Saturday, June 03, 2006

READS ON HADITHA AND THE WAR links to two good reads and one must read on the war and purported war crimes issues.

On the subject of those purported crimes: Having the luxury of not having to judge, I won’t. I think it’s wise to wait until the people who have to judge get done and see what they find…

First, a must read by Frank Schaeffer from The Washington Post:

“What's Lost in the Hue and Cry Over Haditha”

Submitted with the strongest possible recommendation but no comments…

Then, from an almost Olympian height of arrogance, William Kristol of The Weekly Standard brings us this piece:

“Haditha Handwringing”

You get a real opportunity to see an issue upon which almost everyone will agree – that proven war crimes must be prosecuted – viewed through the eyes of an absolute dogmatist. First Kristol sets up his strawman, in the person of Peter Beinart from The New Republic. Beinart opines:

“Americans can be as barbaric as anyone. What makes us an exceptional nation with the capacity to lead and inspire the world is our very recognition of that fact. We are capable of Hadithas and My Lais, so is everyone. But few societies are capable of acknowledging what happened, bringing the killers to justice, and instituting changes that make it less likely to happen again. That's how we show we are different from the jihadists. We don't just assert it. We prove it. That's the liberal version of American exceptionalism, and it's what we need right now in response to this horror.”

Kristol opines “No, it isn't. The last thing we need in response to Haditha is hand-wringing liberalism.”…

He then offers us a profoundly different view of “what makes us an exceptional Nation:”

“What makes us exceptional is that we stand for liberty, and that we are willing to fight for liberty. We don't need to "prove" we are different from the jihadists by bringing our own soldiers, if they have done something wrong, to justice. Of course we must and will do this. But our doing this "proves" nothing. Even if there were ten Hadithas, we would still not have to "prove" that we are "different from the jihadists." The idea would be offensive if it were not ludicrous.”

I think that just speaks volumes about the fundamental difference between the dogmatic left and the dogmatic right:

The dogmatic left believes we are better because we realize that to “be better” we have to prove it and are constantly trying to do so. Our self-defined need to lead by example, always wanting to be the “good guy,” makes us better…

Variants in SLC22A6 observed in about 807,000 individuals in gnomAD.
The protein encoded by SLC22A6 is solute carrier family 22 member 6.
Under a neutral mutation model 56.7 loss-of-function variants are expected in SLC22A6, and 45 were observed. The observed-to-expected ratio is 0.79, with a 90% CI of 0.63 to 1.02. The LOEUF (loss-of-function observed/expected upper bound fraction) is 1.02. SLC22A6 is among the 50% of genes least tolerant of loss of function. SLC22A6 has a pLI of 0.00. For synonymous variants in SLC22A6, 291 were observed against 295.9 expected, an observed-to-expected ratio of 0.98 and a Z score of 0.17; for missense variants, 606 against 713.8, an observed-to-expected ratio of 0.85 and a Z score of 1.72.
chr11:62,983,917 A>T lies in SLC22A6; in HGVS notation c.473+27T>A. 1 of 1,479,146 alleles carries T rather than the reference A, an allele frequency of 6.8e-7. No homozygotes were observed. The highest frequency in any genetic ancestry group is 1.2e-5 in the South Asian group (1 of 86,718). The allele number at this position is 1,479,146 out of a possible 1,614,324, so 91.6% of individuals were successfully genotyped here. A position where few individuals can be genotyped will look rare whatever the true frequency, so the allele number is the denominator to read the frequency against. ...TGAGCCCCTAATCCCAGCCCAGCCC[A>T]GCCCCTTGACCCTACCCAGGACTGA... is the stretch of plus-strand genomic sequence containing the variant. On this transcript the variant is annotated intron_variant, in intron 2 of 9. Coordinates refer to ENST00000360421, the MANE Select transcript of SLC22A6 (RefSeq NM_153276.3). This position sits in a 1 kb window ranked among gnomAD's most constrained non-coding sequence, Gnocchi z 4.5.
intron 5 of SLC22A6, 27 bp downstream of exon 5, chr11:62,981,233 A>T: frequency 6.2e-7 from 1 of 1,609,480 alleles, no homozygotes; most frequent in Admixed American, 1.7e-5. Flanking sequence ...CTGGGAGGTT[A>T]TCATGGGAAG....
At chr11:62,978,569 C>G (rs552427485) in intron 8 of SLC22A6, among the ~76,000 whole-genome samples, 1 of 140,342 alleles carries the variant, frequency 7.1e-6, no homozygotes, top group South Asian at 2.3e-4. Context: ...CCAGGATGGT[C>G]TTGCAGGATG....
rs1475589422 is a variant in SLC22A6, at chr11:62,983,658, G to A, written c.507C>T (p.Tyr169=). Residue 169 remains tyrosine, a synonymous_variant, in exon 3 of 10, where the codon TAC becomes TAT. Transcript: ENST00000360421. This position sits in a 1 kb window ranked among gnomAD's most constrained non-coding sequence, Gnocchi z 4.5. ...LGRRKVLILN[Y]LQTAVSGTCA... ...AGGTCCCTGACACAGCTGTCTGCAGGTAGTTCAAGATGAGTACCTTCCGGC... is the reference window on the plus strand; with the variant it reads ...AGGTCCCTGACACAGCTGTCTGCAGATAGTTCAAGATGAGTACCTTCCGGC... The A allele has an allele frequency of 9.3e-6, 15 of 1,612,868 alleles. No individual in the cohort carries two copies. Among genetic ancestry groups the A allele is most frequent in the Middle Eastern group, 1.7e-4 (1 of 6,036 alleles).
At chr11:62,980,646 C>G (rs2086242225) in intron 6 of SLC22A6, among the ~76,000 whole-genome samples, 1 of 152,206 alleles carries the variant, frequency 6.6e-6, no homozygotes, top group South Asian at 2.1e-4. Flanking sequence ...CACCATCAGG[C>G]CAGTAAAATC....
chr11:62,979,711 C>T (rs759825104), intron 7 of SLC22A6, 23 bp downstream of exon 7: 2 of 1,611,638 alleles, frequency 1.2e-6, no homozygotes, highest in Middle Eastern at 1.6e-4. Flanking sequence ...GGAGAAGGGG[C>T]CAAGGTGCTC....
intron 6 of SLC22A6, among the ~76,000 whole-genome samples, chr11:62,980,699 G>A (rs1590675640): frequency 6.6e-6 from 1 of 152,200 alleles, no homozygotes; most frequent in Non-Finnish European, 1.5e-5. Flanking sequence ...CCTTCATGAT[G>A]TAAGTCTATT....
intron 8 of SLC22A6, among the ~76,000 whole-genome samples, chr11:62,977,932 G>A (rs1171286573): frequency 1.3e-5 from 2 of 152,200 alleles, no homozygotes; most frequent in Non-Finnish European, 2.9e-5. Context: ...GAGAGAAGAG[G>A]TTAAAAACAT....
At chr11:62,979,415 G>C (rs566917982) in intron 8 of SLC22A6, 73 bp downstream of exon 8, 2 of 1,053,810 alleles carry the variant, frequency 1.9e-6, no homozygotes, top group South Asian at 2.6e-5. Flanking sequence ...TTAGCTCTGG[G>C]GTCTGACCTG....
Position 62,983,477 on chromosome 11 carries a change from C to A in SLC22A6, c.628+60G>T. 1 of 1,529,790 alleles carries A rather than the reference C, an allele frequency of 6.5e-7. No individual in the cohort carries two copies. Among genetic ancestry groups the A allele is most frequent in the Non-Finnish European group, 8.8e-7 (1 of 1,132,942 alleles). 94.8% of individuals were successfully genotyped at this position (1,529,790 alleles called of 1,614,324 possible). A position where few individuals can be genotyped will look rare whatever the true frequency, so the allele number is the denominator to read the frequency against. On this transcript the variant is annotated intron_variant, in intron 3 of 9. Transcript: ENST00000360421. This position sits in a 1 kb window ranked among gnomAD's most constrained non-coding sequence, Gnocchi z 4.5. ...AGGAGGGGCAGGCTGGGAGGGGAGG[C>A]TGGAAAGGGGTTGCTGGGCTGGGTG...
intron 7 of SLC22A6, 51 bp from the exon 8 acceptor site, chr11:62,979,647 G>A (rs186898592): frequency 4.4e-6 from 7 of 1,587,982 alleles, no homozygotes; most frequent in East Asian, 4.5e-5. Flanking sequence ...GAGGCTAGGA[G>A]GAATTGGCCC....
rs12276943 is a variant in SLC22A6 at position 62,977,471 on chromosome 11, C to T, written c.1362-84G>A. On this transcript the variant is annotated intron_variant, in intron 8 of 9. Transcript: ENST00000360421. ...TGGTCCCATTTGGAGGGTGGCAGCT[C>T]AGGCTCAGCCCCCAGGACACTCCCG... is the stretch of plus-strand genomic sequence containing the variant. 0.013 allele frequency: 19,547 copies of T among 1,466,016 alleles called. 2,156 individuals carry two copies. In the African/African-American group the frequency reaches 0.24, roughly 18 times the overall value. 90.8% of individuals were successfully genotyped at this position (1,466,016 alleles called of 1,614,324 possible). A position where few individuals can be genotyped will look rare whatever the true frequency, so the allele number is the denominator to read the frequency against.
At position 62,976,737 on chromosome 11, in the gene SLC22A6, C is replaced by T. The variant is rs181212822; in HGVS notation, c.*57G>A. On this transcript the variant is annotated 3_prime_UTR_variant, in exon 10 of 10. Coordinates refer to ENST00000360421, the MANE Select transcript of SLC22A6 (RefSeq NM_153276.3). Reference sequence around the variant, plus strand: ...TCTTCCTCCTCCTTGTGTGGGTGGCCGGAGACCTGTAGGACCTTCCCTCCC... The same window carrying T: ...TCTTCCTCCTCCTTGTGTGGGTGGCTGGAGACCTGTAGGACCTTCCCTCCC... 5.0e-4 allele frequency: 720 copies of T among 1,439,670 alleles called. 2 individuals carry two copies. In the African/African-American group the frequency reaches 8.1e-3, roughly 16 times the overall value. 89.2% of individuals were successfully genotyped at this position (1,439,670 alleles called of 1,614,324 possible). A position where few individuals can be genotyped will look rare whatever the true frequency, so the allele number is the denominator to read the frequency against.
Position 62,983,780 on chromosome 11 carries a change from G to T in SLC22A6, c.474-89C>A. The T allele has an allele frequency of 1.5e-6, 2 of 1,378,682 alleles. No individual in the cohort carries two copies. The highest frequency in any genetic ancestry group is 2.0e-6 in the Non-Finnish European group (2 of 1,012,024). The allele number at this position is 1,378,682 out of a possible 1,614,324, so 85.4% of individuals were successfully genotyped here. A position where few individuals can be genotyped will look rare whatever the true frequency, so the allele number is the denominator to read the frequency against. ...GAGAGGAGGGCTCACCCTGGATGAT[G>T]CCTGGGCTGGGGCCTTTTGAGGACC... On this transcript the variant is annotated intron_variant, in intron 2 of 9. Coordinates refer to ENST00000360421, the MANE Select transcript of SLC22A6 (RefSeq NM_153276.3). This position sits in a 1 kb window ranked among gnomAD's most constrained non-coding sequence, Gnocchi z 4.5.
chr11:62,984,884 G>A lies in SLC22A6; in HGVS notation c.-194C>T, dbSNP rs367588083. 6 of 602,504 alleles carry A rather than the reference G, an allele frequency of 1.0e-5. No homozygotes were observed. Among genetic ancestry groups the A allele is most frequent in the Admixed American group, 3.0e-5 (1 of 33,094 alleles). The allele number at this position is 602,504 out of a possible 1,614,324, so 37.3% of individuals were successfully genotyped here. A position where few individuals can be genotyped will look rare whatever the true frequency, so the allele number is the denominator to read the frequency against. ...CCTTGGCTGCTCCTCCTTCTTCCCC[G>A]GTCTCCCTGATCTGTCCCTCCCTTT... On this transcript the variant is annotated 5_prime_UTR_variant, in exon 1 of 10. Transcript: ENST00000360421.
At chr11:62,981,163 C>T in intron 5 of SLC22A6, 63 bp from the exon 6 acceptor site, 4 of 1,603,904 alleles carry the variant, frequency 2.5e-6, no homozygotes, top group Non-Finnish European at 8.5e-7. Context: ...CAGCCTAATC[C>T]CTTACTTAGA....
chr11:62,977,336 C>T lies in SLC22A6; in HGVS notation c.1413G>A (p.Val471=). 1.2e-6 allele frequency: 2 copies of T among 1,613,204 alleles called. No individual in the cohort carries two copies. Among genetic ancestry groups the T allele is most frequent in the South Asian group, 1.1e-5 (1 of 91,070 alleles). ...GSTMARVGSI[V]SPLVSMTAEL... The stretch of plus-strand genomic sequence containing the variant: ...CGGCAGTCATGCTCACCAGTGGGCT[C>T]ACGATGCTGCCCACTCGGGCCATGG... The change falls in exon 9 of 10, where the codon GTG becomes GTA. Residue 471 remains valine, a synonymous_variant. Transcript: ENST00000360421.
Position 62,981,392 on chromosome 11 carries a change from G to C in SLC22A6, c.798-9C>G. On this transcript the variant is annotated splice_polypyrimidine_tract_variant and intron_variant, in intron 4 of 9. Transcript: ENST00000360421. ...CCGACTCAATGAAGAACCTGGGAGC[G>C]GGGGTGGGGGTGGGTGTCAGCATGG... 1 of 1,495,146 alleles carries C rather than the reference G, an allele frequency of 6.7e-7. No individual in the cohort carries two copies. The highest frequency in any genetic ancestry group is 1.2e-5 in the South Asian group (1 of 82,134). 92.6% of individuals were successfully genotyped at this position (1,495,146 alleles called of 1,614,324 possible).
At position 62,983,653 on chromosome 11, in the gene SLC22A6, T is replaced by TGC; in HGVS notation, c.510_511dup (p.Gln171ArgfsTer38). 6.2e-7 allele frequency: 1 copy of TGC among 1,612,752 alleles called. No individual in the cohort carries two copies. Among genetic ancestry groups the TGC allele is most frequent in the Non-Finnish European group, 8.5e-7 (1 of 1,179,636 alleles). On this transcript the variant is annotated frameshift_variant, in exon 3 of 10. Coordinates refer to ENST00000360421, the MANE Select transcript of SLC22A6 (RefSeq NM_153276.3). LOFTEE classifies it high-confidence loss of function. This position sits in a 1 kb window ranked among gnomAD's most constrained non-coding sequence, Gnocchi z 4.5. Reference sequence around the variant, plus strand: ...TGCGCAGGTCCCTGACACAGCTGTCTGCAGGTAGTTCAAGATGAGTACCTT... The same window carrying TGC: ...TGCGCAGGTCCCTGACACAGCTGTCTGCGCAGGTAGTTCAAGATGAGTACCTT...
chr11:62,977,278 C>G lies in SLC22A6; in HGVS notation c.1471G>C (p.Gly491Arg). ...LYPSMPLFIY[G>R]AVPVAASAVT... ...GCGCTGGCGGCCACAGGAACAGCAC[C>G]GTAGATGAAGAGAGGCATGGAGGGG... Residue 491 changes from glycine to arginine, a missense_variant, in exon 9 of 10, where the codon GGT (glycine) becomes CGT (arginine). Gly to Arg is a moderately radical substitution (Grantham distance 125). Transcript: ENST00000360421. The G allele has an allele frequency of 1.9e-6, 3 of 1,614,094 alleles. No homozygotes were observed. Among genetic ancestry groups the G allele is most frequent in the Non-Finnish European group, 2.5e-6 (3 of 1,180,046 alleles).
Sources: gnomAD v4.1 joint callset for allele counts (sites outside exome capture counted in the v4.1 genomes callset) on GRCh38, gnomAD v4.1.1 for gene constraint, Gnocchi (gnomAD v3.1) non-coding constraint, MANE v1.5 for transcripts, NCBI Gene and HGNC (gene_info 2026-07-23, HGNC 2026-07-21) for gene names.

The dogmatic right believes we are better… We have a better idea and its superiority is so self-evident that there is something wrong with anyone who questions that core premise – and we will fight those people. We not only have nothing to prove but “the idea would be offensive if it were not ludicrous.”

We must constantly prove ourselves vs. it’s an offense to suggest we have anything to prove at all. That’s quite a gulf…

Later in the article Kristol goes into what’s gone wrong in Iraq and what we must do to win. Read it yourself; I think the old war horse believes we can certainly win in Iraq but very likely won’t, and certainly won’t if we keep on the way we are going now…

Last, there’s this by Victor Davis Hanson:

“The American Way of War
And the constraints on American power.”

It’s all been said before but he re-says it well. Please note, the author considers the war in Iraq and any proposed war in Iran to be inherently very different propositions...

I think he’s right. And I think that’s a small piece of a big problem we have in Iraq: Until we reach an accommodation with Iran – or clean their clock – we won’t be able to leave Iraq. If we do, the Iranians will be in Iraq so fast their forward echelons will be strewing the road ahead with flowers for our departure…

It’s going to be a long war – or a humiliating one.

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